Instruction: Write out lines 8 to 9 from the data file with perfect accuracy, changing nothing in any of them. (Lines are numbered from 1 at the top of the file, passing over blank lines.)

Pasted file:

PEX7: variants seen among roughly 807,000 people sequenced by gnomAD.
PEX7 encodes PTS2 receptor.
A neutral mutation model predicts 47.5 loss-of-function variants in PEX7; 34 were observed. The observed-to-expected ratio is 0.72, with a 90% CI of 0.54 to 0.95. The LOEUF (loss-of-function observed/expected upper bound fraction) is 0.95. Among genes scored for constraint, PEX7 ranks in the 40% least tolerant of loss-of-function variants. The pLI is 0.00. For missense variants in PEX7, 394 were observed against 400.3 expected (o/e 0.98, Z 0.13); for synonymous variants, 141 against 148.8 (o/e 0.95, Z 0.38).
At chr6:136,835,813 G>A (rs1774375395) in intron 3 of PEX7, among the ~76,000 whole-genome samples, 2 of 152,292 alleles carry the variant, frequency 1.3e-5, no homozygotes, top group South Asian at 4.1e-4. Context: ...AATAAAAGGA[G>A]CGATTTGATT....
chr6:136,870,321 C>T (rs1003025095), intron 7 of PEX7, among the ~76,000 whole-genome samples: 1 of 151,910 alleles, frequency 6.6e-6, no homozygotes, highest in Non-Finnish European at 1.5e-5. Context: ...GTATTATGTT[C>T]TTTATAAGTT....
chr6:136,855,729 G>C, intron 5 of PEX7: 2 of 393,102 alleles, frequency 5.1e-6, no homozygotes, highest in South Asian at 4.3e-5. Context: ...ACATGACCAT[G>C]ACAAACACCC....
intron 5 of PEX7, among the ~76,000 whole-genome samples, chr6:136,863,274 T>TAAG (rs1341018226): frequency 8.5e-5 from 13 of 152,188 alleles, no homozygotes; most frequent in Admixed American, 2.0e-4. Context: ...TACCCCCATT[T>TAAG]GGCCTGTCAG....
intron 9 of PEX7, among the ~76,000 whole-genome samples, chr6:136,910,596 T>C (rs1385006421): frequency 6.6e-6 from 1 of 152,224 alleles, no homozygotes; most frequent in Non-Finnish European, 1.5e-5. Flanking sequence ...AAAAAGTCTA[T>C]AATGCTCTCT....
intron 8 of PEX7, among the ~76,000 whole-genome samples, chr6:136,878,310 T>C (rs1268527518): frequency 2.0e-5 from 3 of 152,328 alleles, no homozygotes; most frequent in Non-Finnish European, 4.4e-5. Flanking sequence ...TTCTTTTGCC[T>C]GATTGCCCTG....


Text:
intron 9 of PEX7, among the ~76,000 whole-genome samples, chr6:136,910,596 T>C (rs1385006421): frequency 6.6e-6 from 1 of 152,224 alleles, no homozygotes; most frequent in Non-Finnish European, 1.5e-5. Flanking sequence ...AAAAAGTCTA[T>C]AATGCTCTCT....
intron 8 of PEX7, among the ~76,000 whole-genome samples, chr6:136,878,310 T>C (rs1268527518): frequency 2.0e-5 from 3 of 152,328 alleles, no homozygotes; most frequent in Non-Finnish European, 4.4e-5. Flanking sequence ...TTCTTTTGCC[T>C]GATTGCCCTG....